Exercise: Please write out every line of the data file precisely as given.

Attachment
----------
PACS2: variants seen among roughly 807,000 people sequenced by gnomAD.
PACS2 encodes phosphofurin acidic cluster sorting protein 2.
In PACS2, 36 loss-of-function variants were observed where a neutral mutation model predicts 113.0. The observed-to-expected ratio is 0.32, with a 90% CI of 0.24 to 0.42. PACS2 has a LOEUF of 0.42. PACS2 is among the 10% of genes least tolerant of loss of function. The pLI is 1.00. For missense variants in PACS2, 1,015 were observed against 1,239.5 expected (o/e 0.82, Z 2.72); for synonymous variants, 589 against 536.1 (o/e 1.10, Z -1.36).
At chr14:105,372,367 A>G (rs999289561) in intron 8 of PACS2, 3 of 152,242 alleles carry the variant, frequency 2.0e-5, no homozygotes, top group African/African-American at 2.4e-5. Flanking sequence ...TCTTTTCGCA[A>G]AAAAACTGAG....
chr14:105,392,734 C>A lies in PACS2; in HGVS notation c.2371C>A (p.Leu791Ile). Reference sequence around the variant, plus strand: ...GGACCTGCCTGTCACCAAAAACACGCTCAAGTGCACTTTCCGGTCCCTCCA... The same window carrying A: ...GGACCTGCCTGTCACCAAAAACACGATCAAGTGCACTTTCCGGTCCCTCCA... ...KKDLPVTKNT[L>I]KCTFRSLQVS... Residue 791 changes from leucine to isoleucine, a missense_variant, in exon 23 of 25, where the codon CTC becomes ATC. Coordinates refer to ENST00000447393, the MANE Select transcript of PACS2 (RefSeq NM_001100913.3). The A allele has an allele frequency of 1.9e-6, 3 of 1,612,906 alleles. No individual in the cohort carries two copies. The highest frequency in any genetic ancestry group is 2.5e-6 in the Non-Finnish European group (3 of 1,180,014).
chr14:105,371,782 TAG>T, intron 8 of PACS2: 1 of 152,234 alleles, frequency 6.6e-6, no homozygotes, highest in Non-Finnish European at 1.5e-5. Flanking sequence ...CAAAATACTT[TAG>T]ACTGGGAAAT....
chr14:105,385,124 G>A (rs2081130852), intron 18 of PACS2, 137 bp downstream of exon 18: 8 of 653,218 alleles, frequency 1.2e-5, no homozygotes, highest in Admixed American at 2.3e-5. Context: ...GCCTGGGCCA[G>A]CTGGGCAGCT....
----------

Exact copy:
PACS2: variants seen among roughly 807,000 people sequenced by gnomAD.
PACS2 encodes phosphofurin acidic cluster sorting protein 2.
In PACS2, 36 loss-of-function variants were observed where a neutral mutation model predicts 113.0. The observed-to-expected ratio is 0.32, with a 90% CI of 0.24 to 0.42. PACS2 has a LOEUF of 0.42. PACS2 is among the 10% of genes least tolerant of loss of function. The pLI is 1.00. For missense variants in PACS2, 1,015 were observed against 1,239.5 expected (o/e 0.82, Z 2.72); for synonymous variants, 589 against 536.1 (o/e 1.10, Z -1.36).
At chr14:105,372,367 A>G (rs999289561) in intron 8 of PACS2, 3 of 152,242 alleles carry the variant, frequency 2.0e-5, no homozygotes, top group African/African-American at 2.4e-5. Flanking sequence ...TCTTTTCGCA[A>G]AAAAACTGAG....
chr14:105,392,734 C>A lies in PACS2; in HGVS notation c.2371C>A (p.Leu791Ile). Reference sequence around the variant, plus strand: ...GGACCTGCCTGTCACCAAAAACACGCTCAAGTGCACTTTCCGGTCCCTCCA... The same window carrying A: ...GGACCTGCCTGTCACCAAAAACACGATCAAGTGCACTTTCCGGTCCCTCCA... ...KKDLPVTKNT[L>I]KCTFRSLQVS... Residue 791 changes from leucine to isoleucine, a missense_variant, in exon 23 of 25, where the codon CTC becomes ATC. Coordinates refer to ENST00000447393, the MANE Select transcript of PACS2 (RefSeq NM_001100913.3). The A allele has an allele frequency of 1.9e-6, 3 of 1,612,906 alleles. No individual in the cohort carries two copies. The highest frequency in any genetic ancestry group is 2.5e-6 in the Non-Finnish European group (3 of 1,180,014).
chr14:105,371,782 TAG>T, intron 8 of PACS2: 1 of 152,234 alleles, frequency 6.6e-6, no homozygotes, highest in Non-Finnish European at 1.5e-5. Flanking sequence ...CAAAATACTT[TAG>T]ACTGGGAAAT....
chr14:105,385,124 G>A (rs2081130852), intron 18 of PACS2, 137 bp downstream of exon 18: 8 of 653,218 alleles, frequency 1.2e-5, no homozygotes, highest in Admixed American at 2.3e-5. Context: ...GCCTGGGCCA[G>A]CTGGGCAGCT....